Today is much better. We slept in a little and didn't have to get up and rush to pack. We sat outside and had our morning coffee. While we were out, we started talking with some of our neighbors and got some information on the area.
Our first stop was Crazy Horse Mountain. According to the pamphlet, just 4 miles down the road. According to a sign we saw once we got about a mile down the road, 5 more miles. The truth: about 10 miles down the road. I don't know how these people measure distance. (And we found many more instances of this during the day).
Anyway, Crazy Horse Mountain is a project started back in the early 1940's by a Polish sculpturer at the request of an Indian chief. When completed, it will dwarf Mount Rushmore in size and be a carving of Crazy Horse sitting on a horse and pointing toward the lands where his people are buried.
Next we drove into the town of Custer and looked around. Didn't find much of interest but we did stop at a visitor information center and picked up a lot of literature.
From there, we decided to stop at our trailer and have some lunch before heading to Mount Rushmore. Now here's another example of the area signage. No sign to take SR-244 to Mount Rushmore coming from Custer. No, 5 miles north to Hill City before turning east on 16A to SR-244 south to Mount Rushmore. Another 10 miles or so further than one needed to travel.
If you ever come here, I suggest seeing Mount Rushmore first. After seeing Crazy Horse, Mount Rushmore looked small and unfinished. OK, Crazy Horse is unfinished as well but at least they don't say they're done. And one can see the potential of Crazy Horse. Mount Rushmore looks like the finished George Washington but then gave up on the rest. But there is some show at night where they have a presentation in the outdoor amphitheater and then light up Mount Rushmore. If it ever quits showering, we will do that and see what it's like. Afternoon thundershowers seem to be the norm here.
From Mount Rushmore, we went to Bear Country, U.S.A. near Rapid City, SD. It is a drive through wildlife park and was good for an hour diversion. Although the park has many different animals, the bears were, by far, the most interesting. We took several pictures here but because we had to stay in our truck with the windows up, none are very close.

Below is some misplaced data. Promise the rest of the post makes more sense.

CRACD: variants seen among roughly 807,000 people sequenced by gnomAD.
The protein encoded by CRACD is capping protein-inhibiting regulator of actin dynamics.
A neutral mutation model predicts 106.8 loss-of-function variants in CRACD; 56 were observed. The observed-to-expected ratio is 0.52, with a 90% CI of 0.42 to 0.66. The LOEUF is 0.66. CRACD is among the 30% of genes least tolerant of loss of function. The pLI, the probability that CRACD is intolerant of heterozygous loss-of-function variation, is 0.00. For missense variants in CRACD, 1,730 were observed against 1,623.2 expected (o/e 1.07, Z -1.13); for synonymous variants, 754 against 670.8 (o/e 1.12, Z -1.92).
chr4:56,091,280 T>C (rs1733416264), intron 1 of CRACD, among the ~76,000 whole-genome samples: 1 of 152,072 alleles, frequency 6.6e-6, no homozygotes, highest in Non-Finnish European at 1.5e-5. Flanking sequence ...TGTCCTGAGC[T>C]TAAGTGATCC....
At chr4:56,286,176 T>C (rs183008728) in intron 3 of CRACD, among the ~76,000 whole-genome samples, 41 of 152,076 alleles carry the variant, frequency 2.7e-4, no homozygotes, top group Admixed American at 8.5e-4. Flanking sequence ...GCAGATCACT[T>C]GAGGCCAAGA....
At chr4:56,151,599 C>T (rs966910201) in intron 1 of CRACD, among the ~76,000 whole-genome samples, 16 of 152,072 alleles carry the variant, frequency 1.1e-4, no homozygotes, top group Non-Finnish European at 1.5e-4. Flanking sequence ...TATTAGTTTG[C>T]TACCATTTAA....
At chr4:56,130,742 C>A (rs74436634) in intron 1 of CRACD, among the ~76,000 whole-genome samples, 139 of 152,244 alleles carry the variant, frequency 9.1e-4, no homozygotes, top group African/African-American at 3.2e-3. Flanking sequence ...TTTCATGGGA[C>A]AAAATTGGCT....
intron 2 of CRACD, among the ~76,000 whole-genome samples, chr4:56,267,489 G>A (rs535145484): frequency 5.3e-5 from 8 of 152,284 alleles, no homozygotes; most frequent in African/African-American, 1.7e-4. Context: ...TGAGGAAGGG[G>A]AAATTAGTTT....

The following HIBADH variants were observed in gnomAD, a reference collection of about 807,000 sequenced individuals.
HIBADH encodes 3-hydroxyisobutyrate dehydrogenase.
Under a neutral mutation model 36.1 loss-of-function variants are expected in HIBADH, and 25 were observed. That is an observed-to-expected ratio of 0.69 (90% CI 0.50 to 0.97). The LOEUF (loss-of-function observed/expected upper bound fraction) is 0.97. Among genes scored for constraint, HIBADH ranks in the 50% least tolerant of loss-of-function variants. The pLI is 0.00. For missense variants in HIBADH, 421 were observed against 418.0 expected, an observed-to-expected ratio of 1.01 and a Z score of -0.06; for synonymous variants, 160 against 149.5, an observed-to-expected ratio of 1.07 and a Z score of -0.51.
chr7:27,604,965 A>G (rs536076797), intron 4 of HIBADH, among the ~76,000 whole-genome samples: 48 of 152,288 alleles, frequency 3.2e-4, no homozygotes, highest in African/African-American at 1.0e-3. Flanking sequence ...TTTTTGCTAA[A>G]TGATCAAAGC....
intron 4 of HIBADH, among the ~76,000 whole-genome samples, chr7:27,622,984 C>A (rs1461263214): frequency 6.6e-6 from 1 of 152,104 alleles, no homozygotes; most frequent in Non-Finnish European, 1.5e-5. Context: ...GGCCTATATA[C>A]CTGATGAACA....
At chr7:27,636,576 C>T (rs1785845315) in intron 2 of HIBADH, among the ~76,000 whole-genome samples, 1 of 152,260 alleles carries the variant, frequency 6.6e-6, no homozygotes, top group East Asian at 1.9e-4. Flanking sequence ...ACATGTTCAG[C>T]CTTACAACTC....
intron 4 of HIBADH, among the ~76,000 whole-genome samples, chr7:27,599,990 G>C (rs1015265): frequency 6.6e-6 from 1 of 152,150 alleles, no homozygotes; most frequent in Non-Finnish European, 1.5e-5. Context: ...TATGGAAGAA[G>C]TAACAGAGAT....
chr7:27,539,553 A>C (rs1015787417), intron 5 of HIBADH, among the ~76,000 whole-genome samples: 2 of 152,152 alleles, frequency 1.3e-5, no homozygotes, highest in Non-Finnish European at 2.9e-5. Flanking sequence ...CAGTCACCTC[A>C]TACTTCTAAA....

And then finally, we went the last few miles to Rapid City and had dinner at a place called Sanfords. We tried an appetizer recommended by the waitress. Deep-fried pickles. I know it sounds weird but it was actually pretty good. Imagine mozzarella sticks but instead of cheese, dill pickles and there was ranch dressing for dipping.
For dinner, Denise enjoyed a "Bahama Mama" sandwich which was a grilled chicken breast, ham, cream cheese, and pineapple ring on a roll. I had chicken fried steak which was served (literally) on a 16" pizza pan complete with beans, corn fritters, and french fries (aren't you supposed to get mashed potatoes?). The forks were the size you would normally use on a serving plate. So were the spoons. Neither one of us could finish. It was an unusual place where just about every square inch of the walls was covered with some sort of junk; car rims, old license plates, old signs, etc. (Maybe that's why there's no signs on the roads?). In the bar area, the chairs were "hands" with the palms as the seat and the fingers as the back. An interesting place that we may go back to again before we leave.
Sanfords marked the end of our day. Tomorrow, we are moving to Oreville National Forest campground just a little ways south of Rafter J Bar. Rafter J Bar is $32 per night and is nothing more than a RV parking lot with a view of the mountains. The Oreville campground is only $16 per night and the host agreed to reserve site 8 for us (we can fit there) even though he's not supposed to.
Comments, Praise, Complaints?